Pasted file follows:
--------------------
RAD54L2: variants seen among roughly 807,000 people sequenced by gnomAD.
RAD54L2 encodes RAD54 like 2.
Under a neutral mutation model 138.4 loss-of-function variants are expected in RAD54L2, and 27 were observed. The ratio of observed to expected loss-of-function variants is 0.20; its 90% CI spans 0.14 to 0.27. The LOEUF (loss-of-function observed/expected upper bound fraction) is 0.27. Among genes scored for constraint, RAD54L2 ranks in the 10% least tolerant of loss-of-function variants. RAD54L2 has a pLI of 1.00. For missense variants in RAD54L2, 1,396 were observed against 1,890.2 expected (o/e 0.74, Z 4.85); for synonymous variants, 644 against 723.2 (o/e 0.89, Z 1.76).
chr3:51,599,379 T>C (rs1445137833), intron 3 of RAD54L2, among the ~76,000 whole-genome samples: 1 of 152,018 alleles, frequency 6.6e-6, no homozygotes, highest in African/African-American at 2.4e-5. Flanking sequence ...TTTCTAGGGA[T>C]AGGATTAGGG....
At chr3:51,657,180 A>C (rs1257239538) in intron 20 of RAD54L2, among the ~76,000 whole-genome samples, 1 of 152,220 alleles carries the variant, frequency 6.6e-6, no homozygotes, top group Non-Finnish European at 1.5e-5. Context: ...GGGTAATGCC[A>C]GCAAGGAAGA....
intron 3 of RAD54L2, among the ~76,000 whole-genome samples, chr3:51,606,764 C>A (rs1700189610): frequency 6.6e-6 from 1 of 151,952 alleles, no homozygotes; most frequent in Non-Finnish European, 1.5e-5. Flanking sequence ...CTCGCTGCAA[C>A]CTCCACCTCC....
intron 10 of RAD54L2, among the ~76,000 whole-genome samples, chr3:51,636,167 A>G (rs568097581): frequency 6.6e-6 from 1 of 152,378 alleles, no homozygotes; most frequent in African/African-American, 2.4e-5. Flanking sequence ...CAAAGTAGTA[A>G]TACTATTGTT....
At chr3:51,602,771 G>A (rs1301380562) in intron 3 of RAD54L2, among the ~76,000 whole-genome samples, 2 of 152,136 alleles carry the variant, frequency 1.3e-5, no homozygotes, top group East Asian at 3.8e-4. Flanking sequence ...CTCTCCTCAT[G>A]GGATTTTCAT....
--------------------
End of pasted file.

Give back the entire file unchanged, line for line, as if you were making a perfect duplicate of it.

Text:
RAD54L2: variants seen among roughly 807,000 people sequenced by gnomAD.
RAD54L2 encodes RAD54 like 2.
Under a neutral mutation model 138.4 loss-of-function variants are expected in RAD54L2, and 27 were observed. The ratio of observed to expected loss-of-function variants is 0.20; its 90% CI spans 0.14 to 0.27. The LOEUF (loss-of-function observed/expected upper bound fraction) is 0.27. Among genes scored for constraint, RAD54L2 ranks in the 10% least tolerant of loss-of-function variants. RAD54L2 has a pLI of 1.00. For missense variants in RAD54L2, 1,396 were observed against 1,890.2 expected (o/e 0.74, Z 4.85); for synonymous variants, 644 against 723.2 (o/e 0.89, Z 1.76).
chr3:51,599,379 T>C (rs1445137833), intron 3 of RAD54L2, among the ~76,000 whole-genome samples: 1 of 152,018 alleles, frequency 6.6e-6, no homozygotes, highest in African/African-American at 2.4e-5. Flanking sequence ...TTTCTAGGGA[T>C]AGGATTAGGG....
At chr3:51,657,180 A>C (rs1257239538) in intron 20 of RAD54L2, among the ~76,000 whole-genome samples, 1 of 152,220 alleles carries the variant, frequency 6.6e-6, no homozygotes, top group Non-Finnish European at 1.5e-5. Context: ...GGGTAATGCC[A>C]GCAAGGAAGA....
intron 3 of RAD54L2, among the ~76,000 whole-genome samples, chr3:51,606,764 C>A (rs1700189610): frequency 6.6e-6 from 1 of 151,952 alleles, no homozygotes; most frequent in Non-Finnish European, 1.5e-5. Flanking sequence ...CTCGCTGCAA[C>A]CTCCACCTCC....
intron 10 of RAD54L2, among the ~76,000 whole-genome samples, chr3:51,636,167 A>G (rs568097581): frequency 6.6e-6 from 1 of 152,378 alleles, no homozygotes; most frequent in African/African-American, 2.4e-5. Flanking sequence ...CAAAGTAGTA[A>G]TACTATTGTT....
At chr3:51,602,771 G>A (rs1301380562) in intron 3 of RAD54L2, among the ~76,000 whole-genome samples, 2 of 152,136 alleles carry the variant, frequency 1.3e-5, no homozygotes, top group East Asian at 3.8e-4. Flanking sequence ...CTCTCCTCAT[G>A]GGATTTTCAT....